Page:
Monday, March 20, 2017

Saving Young Lives Through Surfing

The Belgian Jelle Rigole runs the Kovalam Surf Club for disadvantaged youths. He talks about his experiences

Photos by BP Deepu 

By Shevlin Sebastian

Sitting on the terrace of a building, in Kovalam, the Belgian Jelle Rigole looks relaxed on a Tuesday afternoon in March. A pleasant breeze is blowing. The roar of the waves can be heard in the distance. Sitting around him are members of the Kovalam Surf School.

Asked how he got the idea to start a surf school, Jelle says, “When I began to work in the slums, I noticed that a lot of children had to deal with physical abuse. Many of their fathers were alcoholics. There was so much of misery in their lives. There was nobody around to tell them about the importance of going to school.”

During this time, to get away from the stress of his work, Jelle would go surfing in the early mornings. Soon, he noticed that a few boys on the beach were looking at him with interest. That was when he came up with the idea, 'No school, no surfing'. “The children have to be in school from Monday to Friday and be on their best behavior,” says Jelle. “Thereafter, they were allowed to do surfing on Saturday and Sunday.”

Sitting next to Jelle are muscular young men who have been surfing for several years. They include Ramesh HR, Akash MG and Varghese Antony. They smile widely when Jelle says, “All of them were members of the school. Now they are mentors to the youngsters.”

Asked what he likes about surfing, Varghese says, “There is a nice feeling when you ride the waves. And I enjoy the sea breeze.”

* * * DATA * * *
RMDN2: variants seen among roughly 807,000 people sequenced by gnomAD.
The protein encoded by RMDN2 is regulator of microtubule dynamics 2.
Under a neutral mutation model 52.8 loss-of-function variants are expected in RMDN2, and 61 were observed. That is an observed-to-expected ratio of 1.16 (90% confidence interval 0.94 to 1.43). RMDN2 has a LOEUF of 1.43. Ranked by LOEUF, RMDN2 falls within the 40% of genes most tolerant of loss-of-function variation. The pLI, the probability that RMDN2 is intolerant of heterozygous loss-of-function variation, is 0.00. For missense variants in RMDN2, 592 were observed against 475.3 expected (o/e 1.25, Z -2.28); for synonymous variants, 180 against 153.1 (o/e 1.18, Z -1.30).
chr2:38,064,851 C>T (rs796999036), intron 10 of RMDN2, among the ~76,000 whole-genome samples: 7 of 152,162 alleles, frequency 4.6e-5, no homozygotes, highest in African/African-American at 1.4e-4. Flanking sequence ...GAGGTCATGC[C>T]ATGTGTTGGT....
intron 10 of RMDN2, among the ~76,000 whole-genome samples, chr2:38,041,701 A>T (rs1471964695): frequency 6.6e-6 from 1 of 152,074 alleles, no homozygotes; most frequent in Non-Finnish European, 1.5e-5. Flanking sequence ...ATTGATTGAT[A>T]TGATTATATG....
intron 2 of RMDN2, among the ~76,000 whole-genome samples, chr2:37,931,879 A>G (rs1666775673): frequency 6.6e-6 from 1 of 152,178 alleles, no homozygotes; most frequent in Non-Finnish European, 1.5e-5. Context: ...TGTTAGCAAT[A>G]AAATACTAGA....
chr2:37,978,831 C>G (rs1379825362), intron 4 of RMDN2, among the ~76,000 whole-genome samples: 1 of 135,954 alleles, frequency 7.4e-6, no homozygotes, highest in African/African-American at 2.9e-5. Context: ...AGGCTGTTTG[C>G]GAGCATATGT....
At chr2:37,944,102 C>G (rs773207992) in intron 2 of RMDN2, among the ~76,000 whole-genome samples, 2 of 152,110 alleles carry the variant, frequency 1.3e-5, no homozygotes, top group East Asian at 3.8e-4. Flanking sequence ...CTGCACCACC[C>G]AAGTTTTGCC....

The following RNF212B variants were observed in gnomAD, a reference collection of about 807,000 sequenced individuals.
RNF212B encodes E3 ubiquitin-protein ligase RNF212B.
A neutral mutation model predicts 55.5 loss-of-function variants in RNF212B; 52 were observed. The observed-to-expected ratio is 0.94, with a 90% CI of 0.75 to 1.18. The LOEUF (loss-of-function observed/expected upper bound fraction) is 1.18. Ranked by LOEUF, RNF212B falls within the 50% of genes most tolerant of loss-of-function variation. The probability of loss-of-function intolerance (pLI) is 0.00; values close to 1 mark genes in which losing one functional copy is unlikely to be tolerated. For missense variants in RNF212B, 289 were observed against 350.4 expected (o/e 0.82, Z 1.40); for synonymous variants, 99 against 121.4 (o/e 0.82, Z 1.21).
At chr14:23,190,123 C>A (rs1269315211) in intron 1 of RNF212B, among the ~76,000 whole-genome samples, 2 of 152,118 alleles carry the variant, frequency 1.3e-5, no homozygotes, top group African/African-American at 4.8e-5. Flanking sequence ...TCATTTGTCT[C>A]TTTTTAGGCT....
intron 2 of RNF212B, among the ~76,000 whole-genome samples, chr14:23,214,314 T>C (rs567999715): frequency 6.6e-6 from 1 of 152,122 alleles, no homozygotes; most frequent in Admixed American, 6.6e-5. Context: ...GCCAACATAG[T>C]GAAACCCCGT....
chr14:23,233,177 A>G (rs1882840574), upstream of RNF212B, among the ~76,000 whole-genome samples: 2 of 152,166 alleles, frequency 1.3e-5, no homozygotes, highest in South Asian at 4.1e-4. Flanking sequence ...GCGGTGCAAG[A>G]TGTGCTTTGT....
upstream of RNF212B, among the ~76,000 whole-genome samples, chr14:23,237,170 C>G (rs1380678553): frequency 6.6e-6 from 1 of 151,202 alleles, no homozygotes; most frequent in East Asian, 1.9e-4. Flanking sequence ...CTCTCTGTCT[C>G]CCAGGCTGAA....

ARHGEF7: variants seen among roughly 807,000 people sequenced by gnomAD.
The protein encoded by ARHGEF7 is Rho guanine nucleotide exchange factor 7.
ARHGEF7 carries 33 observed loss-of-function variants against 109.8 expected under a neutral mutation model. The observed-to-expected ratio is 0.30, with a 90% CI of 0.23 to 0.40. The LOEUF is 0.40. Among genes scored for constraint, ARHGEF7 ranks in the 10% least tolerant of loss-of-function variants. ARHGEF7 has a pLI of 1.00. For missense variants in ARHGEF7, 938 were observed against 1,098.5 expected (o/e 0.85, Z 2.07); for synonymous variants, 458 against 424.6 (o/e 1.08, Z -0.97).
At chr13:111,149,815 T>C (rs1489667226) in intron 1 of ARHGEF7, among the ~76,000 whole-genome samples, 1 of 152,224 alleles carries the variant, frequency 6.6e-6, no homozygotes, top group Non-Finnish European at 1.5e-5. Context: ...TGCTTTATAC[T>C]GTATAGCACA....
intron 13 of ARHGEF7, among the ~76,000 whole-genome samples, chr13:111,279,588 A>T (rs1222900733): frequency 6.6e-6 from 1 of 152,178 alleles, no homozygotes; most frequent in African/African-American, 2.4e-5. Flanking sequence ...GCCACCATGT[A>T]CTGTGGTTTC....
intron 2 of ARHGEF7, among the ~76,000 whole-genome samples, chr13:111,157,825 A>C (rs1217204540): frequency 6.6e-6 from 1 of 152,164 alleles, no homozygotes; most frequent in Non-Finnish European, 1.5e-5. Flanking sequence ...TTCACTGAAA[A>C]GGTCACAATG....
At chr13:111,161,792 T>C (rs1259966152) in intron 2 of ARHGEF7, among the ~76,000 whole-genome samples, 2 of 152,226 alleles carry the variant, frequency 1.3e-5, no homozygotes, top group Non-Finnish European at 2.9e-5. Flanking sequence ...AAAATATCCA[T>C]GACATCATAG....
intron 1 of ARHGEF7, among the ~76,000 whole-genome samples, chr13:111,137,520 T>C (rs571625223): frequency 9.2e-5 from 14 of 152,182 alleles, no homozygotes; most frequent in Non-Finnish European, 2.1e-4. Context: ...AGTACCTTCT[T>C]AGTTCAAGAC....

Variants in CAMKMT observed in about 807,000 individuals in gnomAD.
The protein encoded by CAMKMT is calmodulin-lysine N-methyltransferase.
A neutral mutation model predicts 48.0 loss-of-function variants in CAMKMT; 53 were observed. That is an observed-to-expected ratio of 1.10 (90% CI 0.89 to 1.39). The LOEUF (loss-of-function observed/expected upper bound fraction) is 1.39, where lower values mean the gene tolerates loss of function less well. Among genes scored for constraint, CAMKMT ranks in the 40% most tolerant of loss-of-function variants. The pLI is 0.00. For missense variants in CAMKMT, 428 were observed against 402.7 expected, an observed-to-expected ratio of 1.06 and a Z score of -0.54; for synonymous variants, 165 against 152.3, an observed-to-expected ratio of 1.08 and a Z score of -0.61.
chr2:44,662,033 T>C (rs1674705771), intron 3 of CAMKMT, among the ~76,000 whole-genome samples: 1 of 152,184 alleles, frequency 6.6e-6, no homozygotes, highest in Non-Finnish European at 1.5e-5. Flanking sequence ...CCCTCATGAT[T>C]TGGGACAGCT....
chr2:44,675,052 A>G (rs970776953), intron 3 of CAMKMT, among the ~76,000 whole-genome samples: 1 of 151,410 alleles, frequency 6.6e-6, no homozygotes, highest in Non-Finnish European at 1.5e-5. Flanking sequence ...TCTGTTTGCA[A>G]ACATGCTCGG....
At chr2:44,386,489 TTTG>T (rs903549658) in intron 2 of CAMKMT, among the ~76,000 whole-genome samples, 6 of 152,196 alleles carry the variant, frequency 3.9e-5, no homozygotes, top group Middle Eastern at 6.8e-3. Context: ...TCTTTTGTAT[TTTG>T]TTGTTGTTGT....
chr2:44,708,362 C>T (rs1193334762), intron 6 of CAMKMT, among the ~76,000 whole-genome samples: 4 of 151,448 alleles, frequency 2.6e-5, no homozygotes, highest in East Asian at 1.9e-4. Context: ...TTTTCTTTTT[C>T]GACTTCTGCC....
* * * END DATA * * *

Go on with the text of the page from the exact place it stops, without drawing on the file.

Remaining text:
Of course, surfing is not an easy thing to do. When you stand on a board, you have to realise that it is a moving platform. So maintaining one's balance is not easy. But there are health benefits. The breathing becomes stronger, since you have to hold your breath while going through the waves. It is also good for the muscles and the joints. “Overall, it is a good exercise,” says Jelle. “If you surf for one-and-a-half hours, you will sleep like a baby at night.”

So far, over the years, around 500 children have been part of the school. “Some have come for one year, some for two,” says Jelle. “Many have got jobs and are leading good lives.”

Clearly, surfing has had a good impact on the children. “In the water, they meet many foreigners,” says Jelle. “They learn how to say hello and talk to them. Slowly, they are able to improve their English. Their behaviour also changes, for the good.”

And they also save lives. “Many times, tourists, who don't know swimming, get caught up in the rip currents and are swept out to sea,” says Jelle. “Thankfully, since the boys are surfing nearby, they are able to rescue them.”

Jelle came to Kovalam, in November, 2005, to do a three-month internship in social work for the Sebastian Indian Social Project, which is run by fellow Belgian Paul Van Gelder. The goal of the project is to improve the living standards people in Vizhinjam village and surrounding areas. “I stayed on and carried on doing similar work,” says Jelle.

On an average, Jelle spends four months a year, from December till April, in Kovalam. Thereafter, he returns to Bruges, (93 kms from Antwerp) where he runs a small hotel. The school is then run by manager Mani Sreekumar.

Asked what he likes about Kovalam, Jelle says, “I like the waves, but there is more waste now than waves. As for the people, they are nice, although there is a lot of gossip and jealousy. Nevertheless, it has been one of the most enriching experiences in my life.” 

(The New Indian Express, Kochi, Kozhikode and Thiruvananthapuram)

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